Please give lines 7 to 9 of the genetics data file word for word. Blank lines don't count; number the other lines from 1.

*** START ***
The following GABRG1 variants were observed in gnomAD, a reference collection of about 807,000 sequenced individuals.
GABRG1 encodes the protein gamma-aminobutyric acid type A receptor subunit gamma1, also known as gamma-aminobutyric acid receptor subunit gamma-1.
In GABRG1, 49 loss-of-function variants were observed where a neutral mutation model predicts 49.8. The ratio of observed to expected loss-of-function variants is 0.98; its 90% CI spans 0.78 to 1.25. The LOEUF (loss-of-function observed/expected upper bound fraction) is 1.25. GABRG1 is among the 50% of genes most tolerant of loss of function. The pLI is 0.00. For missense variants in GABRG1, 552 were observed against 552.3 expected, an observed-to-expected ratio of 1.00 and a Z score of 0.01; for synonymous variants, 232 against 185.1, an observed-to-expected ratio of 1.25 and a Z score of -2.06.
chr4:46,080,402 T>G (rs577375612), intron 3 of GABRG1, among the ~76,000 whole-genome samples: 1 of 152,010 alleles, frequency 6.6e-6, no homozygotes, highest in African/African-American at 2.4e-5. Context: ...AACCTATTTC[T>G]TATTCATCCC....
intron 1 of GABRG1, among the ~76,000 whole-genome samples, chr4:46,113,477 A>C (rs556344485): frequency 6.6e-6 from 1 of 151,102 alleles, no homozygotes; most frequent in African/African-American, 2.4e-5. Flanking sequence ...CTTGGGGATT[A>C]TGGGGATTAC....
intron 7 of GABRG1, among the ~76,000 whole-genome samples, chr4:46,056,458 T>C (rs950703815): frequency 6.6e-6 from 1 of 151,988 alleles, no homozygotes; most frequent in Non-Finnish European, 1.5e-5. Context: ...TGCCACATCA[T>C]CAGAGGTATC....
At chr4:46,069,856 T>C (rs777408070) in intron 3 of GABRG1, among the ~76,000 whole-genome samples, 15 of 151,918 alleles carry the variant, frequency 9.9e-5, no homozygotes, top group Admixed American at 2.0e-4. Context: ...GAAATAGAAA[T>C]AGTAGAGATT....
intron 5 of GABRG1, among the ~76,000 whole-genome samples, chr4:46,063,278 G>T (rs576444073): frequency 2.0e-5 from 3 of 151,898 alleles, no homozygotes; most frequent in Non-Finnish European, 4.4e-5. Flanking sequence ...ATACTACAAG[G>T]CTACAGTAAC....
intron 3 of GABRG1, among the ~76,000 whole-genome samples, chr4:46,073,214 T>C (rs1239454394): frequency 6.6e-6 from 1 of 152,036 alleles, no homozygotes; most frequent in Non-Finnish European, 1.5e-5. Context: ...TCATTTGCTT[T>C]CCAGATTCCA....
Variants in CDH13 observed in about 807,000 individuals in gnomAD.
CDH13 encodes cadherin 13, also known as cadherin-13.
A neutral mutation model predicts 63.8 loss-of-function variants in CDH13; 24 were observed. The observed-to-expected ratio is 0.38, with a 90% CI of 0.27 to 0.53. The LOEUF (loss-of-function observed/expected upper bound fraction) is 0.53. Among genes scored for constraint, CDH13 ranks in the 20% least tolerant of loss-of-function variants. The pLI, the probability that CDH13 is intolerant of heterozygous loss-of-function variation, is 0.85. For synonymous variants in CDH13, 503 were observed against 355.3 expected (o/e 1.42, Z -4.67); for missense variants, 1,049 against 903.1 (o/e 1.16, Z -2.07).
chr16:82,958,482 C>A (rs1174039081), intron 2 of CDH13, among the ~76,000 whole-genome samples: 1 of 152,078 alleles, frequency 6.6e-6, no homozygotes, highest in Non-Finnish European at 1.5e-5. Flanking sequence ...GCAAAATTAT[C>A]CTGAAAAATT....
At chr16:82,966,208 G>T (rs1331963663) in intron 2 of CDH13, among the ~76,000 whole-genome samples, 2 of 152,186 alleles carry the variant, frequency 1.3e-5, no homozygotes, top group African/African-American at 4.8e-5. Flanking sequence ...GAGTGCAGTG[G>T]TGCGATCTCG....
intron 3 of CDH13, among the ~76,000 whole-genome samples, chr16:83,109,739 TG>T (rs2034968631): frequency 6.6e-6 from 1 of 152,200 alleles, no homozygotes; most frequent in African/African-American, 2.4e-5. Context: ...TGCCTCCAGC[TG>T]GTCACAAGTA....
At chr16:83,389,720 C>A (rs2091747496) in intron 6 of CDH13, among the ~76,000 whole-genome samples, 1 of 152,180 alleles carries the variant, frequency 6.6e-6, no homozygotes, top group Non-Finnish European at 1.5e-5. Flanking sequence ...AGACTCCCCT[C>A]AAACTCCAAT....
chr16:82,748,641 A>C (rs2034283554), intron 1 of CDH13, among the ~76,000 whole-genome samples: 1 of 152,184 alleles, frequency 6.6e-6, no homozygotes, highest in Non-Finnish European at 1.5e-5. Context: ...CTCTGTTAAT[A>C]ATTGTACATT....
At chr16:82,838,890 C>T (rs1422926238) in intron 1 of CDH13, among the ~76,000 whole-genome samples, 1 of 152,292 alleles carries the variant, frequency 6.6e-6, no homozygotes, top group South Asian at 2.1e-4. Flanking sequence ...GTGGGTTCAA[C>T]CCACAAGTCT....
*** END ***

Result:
At chr4:46,069,856 T>C (rs777408070) in intron 3 of GABRG1, among the ~76,000 whole-genome samples, 15 of 151,918 alleles carry the variant, frequency 9.9e-5, no homozygotes, top group Admixed American at 2.0e-4. Context: ...GAAATAGAAA[T>C]AGTAGAGATT....
intron 5 of GABRG1, among the ~76,000 whole-genome samples, chr4:46,063,278 G>T (rs576444073): frequency 2.0e-5 from 3 of 151,898 alleles, no homozygotes; most frequent in Non-Finnish European, 4.4e-5. Flanking sequence ...ATACTACAAG[G>T]CTACAGTAAC....
intron 3 of GABRG1, among the ~76,000 whole-genome samples, chr4:46,073,214 T>C (rs1239454394): frequency 6.6e-6 from 1 of 152,036 alleles, no homozygotes; most frequent in Non-Finnish European, 1.5e-5. Context: ...TCATTTGCTT[T>C]CCAGATTCCA....